My Struggle with “Imposter Syndrome” Part 1

This weekend I attended the “Global Leadership Summit”. It’s a two-day event with host sites all over the world, focused on making better leaders. Speakers from different industries and professions give lectures on a number of topics like taking risks, empowering your crew and civility. One that stuck out to me was about being your authentic self.

I had heard this lesson before, from past GLS speakers, various other times too. It just struck me harder than it had in the past. I try to keep things positive. We all have problems, and most of us keep those to ourselves, or share them with our closest friends and family. On social media we all post our “highlight reels”, but we hide our ugly “behind-the-scenes footage.”

As I reflected on this week’s lessons from the GLS, I asked myself, “Am I authentic at home?” Absolutely, like it or not, Halley gets the realest version of me. Next, “Am I authentic at work?” Most of the time, I think I have a pretty good relationship above me and below me on the hierarchy chain. I share what’s work appropriate, building relationships but keep the order. “Am I authentic on my blog?” No, I don’t think I have been. So far, I’ve shared the highlight reels of the process, but not the behind the scenes stuff. I want to change that, and open up some about my biggest struggle, “imposter syndrome”.

For those of you that haven’t heard of this term, my definition of “Imposter Syndrome” would be, “feeling like you don’t belong to a group that you’re in, because you think aren’t good enough to be in it”. Imposter Syndrome can strike any part of your life. You can feel like an imposter at work, that you “faked” your way through the interview and aren’t good enough to be there. You can feel like an imposter at home, and that while you have a title of husband/wife/dad/mom that you aren’t deserving of it. Or in my case, you can write a book, and still not feel like an author.

The writing process was incredibly difficult for me. My self-doubt and fear of embarrassment stopped me from writing so many times. I didn’t want anyone to know I was writing, because, “What if I have to explain what my book is about, and they think it sounds stupid?” If something would slip, and they heard I was writing, I wouldn’t share my story with pride, and excitement. I’d water it down, with a “bleh” attitude about it, hoping my own disinterest would prevent any follow-up questions. Months later, when the book was finally finished, I wanted to ask my two best friends to proof-read my draft. Two people who aren’t just my best friends, they are the best type of best friends. The ones that love you because you are family to them, and it took me WEEKS to muster up the courage to ask them to read it.

When you get into the pit of Imposter Syndrome, it’s really hard to climb out of it. I started reading a lot of books. I read more in the last year, than I had since my Harry Potter craze. An array of books from entrepreneurs, celebrities and authors that shared similar stories of how they went from where they were, to where they dreamed of being with all the speed bumps and anecdotes along the way. I prayed a lot too. Any time I got into a situation involving writing, I’d pray. I’d pray for confidence in myself. I’d pray for courage to talk about it. And I’d pray that whoever I was talking to really liked my idea, and if they didn’t that I’d have the belief in myself to keep moving on. I still pray for all those things. I’m still not out of the pit of Imposter Syndrome, but I’m climbing. Some days, I make a lot of progress, and other days I slide backwards. It’s a challenge, EVERY. SINGLE. DAY.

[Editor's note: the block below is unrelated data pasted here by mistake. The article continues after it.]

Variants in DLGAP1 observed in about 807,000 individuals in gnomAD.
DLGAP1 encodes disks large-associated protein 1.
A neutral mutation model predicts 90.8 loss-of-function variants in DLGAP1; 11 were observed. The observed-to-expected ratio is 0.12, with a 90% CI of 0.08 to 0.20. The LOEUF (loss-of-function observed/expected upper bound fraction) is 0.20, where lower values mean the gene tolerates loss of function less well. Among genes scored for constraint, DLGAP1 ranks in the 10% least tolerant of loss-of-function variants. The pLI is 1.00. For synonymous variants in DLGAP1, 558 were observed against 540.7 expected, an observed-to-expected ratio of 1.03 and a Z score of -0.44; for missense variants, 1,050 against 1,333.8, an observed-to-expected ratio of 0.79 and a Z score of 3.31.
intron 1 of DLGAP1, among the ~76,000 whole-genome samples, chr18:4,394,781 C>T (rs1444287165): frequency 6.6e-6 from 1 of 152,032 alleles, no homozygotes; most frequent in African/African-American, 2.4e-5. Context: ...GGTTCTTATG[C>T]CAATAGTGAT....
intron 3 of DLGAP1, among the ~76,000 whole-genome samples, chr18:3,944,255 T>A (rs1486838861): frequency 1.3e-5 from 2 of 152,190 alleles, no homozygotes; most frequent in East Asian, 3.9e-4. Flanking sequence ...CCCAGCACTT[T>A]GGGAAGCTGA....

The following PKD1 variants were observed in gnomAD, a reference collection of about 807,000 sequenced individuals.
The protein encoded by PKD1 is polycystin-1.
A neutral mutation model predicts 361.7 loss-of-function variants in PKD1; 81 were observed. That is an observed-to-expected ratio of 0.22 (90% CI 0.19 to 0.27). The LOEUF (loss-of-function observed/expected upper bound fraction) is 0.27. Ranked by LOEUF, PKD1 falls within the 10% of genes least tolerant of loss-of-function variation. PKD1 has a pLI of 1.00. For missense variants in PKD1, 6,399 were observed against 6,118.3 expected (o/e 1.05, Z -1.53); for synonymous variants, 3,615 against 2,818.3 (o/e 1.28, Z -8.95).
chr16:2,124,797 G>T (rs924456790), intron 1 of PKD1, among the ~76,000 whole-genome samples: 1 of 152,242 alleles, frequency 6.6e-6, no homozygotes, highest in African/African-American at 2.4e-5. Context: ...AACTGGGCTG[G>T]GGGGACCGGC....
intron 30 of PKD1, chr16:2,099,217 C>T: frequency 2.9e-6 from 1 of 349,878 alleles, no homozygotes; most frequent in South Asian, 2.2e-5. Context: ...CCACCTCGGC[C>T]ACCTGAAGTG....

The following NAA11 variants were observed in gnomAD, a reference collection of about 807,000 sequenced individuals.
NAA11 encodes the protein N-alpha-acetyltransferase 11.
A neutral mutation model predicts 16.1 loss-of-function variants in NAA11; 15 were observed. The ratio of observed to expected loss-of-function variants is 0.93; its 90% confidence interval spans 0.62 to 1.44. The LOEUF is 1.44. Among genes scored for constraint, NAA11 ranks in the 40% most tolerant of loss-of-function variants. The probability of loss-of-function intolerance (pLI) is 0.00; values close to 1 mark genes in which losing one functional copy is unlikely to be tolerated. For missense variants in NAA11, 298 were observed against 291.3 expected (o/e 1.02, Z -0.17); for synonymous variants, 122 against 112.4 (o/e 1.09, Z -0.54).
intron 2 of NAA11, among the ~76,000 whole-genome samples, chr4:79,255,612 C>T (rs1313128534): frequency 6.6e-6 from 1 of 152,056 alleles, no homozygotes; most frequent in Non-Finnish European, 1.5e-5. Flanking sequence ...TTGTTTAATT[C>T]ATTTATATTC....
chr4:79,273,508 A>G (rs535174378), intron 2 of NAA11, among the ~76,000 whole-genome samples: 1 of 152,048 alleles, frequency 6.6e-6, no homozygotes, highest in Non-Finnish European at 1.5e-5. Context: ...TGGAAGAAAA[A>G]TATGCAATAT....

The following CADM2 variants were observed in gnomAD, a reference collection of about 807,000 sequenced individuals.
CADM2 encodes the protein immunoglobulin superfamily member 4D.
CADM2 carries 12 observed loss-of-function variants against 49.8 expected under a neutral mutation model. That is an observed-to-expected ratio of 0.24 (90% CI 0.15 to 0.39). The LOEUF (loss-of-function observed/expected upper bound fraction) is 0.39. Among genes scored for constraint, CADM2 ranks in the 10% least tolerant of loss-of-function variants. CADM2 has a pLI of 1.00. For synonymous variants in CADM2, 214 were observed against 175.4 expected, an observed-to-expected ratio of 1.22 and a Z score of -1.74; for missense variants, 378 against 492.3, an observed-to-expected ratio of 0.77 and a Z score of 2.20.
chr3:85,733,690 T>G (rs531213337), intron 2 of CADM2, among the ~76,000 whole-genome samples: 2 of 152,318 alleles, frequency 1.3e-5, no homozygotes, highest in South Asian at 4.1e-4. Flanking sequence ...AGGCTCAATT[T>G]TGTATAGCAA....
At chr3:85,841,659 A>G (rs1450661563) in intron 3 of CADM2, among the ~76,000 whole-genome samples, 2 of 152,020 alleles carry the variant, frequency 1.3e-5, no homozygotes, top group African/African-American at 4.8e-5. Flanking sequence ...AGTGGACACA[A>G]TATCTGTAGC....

In the title you probably noticed that I put “Part 1.” I want to do a “Part 2” where I share what books I read and what they did for me. That’s next week’s blog. I hope that sharing my story helps you, or someone you know with any of your own battles with Imposter Syndrome. I want to close Part 1 with the most impactful sentence I read that helped me along the way. It comes from the autobiography Tough S*** by Kevin Smith. While our intended audiences are very different, Mr. Smith and I have a few things in common. We are both over-weight nerds with a passion for comics and telling stories, so I read his book. I’m paraphrasing from memory so please forgive any errors, but early in his career, Mr. Smith had a similar dilemma as I did. The young man wanted to be a filmmaker, he shared this with his older sister who told him. ‘Then you are one, now figure out how to do it.” Therein lies the cure for Imposter Syndrome. If you want to be something…then you are one, now figure out how to do it.

Have a great week!-Rob

3 thoughts on “My Struggle with “Imposter Syndrome” Part 1

  1. Thank you for your words and your vulnerability, Rob. You are a rockstar. When I found out you were writing this book, I was so excited for you. I’m glad that you’re all in. I also appreciate your willingness to tackle the subject of Imposter Syndrome. I think most people struggle with this self-doubt way more often than they care to admit. I too am working to overcome this, sometimes crippling, disorder. After ten years, I decided to chase a passion and am very close to achieving it. I hope to share the results soon. Thanks for being you, dude. Keep up the hard work.


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